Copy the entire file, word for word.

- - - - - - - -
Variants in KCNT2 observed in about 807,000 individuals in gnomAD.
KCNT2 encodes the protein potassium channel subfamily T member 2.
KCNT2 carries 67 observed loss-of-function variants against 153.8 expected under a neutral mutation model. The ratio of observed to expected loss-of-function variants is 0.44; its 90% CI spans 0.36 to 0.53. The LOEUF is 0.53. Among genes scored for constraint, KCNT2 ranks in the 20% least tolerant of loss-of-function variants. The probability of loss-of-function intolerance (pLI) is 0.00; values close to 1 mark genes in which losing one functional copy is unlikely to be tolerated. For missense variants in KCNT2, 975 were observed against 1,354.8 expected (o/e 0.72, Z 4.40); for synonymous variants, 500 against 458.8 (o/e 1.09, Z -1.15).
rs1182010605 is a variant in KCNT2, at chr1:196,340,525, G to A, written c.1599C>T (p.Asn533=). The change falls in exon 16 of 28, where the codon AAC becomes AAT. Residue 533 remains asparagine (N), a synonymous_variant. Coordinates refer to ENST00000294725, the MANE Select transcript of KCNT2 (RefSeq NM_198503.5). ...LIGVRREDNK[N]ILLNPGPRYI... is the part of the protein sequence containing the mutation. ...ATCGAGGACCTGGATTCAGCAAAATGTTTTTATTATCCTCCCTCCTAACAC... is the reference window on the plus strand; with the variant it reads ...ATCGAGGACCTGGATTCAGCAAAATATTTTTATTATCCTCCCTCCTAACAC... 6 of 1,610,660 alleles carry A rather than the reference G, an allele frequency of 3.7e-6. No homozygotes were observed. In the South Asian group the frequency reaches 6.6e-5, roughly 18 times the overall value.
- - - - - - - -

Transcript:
Variants in KCNT2 observed in about 807,000 individuals in gnomAD.
KCNT2 encodes the protein potassium channel subfamily T member 2.
KCNT2 carries 67 observed loss-of-function variants against 153.8 expected under a neutral mutation model. The ratio of observed to expected loss-of-function variants is 0.44; its 90% CI spans 0.36 to 0.53. The LOEUF is 0.53. Among genes scored for constraint, KCNT2 ranks in the 20% least tolerant of loss-of-function variants. The probability of loss-of-function intolerance (pLI) is 0.00; values close to 1 mark genes in which losing one functional copy is unlikely to be tolerated. For missense variants in KCNT2, 975 were observed against 1,354.8 expected (o/e 0.72, Z 4.40); for synonymous variants, 500 against 458.8 (o/e 1.09, Z -1.15).
rs1182010605 is a variant in KCNT2, at chr1:196,340,525, G to A, written c.1599C>T (p.Asn533=). The change falls in exon 16 of 28, where the codon AAC becomes AAT. Residue 533 remains asparagine (N), a synonymous_variant. Coordinates refer to ENST00000294725, the MANE Select transcript of KCNT2 (RefSeq NM_198503.5). ...LIGVRREDNK[N]ILLNPGPRYI... is the part of the protein sequence containing the mutation. ...ATCGAGGACCTGGATTCAGCAAAATGTTTTTATTATCCTCCCTCCTAACAC... is the reference window on the plus strand; with the variant it reads ...ATCGAGGACCTGGATTCAGCAAAATATTTTTATTATCCTCCCTCCTAACAC... 6 of 1,610,660 alleles carry A rather than the reference G, an allele frequency of 3.7e-6. No homozygotes were observed. In the South Asian group the frequency reaches 6.6e-5, roughly 18 times the overall value.